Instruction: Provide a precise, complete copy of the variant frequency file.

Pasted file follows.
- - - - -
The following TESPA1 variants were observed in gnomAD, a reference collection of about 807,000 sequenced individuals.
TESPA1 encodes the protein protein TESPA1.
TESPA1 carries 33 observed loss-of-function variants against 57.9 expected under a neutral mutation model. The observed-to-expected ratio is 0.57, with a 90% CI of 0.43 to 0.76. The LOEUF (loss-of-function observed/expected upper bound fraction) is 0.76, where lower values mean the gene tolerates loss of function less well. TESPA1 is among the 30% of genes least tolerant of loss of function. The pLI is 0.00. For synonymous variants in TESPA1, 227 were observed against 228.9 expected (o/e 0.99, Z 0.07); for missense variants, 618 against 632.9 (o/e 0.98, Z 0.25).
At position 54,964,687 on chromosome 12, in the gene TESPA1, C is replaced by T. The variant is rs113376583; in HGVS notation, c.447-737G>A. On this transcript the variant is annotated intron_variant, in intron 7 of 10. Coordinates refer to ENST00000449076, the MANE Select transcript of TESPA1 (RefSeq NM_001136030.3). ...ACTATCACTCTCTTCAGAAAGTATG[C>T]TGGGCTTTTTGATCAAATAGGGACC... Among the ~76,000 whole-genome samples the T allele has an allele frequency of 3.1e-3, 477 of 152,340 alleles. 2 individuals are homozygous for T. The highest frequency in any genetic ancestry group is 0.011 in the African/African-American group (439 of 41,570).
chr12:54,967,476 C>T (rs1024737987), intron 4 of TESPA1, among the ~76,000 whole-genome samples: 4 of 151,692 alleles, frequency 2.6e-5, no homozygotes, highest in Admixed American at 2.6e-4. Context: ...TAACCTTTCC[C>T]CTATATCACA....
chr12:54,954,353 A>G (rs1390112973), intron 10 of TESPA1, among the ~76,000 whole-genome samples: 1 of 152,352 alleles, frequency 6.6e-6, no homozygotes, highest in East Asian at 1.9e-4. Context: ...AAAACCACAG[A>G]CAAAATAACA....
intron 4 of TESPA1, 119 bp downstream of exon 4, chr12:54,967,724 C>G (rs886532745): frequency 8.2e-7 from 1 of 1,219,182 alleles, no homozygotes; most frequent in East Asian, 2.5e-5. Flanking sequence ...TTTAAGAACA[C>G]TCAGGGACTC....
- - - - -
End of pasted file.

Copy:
The following TESPA1 variants were observed in gnomAD, a reference collection of about 807,000 sequenced individuals.
TESPA1 encodes the protein protein TESPA1.
TESPA1 carries 33 observed loss-of-function variants against 57.9 expected under a neutral mutation model. The observed-to-expected ratio is 0.57, with a 90% CI of 0.43 to 0.76. The LOEUF (loss-of-function observed/expected upper bound fraction) is 0.76, where lower values mean the gene tolerates loss of function less well. TESPA1 is among the 30% of genes least tolerant of loss of function. The pLI is 0.00. For synonymous variants in TESPA1, 227 were observed against 228.9 expected (o/e 0.99, Z 0.07); for missense variants, 618 against 632.9 (o/e 0.98, Z 0.25).
At position 54,964,687 on chromosome 12, in the gene TESPA1, C is replaced by T. The variant is rs113376583; in HGVS notation, c.447-737G>A. On this transcript the variant is annotated intron_variant, in intron 7 of 10. Coordinates refer to ENST00000449076, the MANE Select transcript of TESPA1 (RefSeq NM_001136030.3). ...ACTATCACTCTCTTCAGAAAGTATG[C>T]TGGGCTTTTTGATCAAATAGGGACC... Among the ~76,000 whole-genome samples the T allele has an allele frequency of 3.1e-3, 477 of 152,340 alleles. 2 individuals are homozygous for T. The highest frequency in any genetic ancestry group is 0.011 in the African/African-American group (439 of 41,570).
chr12:54,967,476 C>T (rs1024737987), intron 4 of TESPA1, among the ~76,000 whole-genome samples: 4 of 151,692 alleles, frequency 2.6e-5, no homozygotes, highest in Admixed American at 2.6e-4. Context: ...TAACCTTTCC[C>T]CTATATCACA....
chr12:54,954,353 A>G (rs1390112973), intron 10 of TESPA1, among the ~76,000 whole-genome samples: 1 of 152,352 alleles, frequency 6.6e-6, no homozygotes, highest in East Asian at 1.9e-4. Context: ...AAAACCACAG[A>G]CAAAATAACA....
intron 4 of TESPA1, 119 bp downstream of exon 4, chr12:54,967,724 C>G (rs886532745): frequency 8.2e-7 from 1 of 1,219,182 alleles, no homozygotes; most frequent in East Asian, 2.5e-5. Flanking sequence ...TTTAAGAACA[C>G]TCAGGGACTC....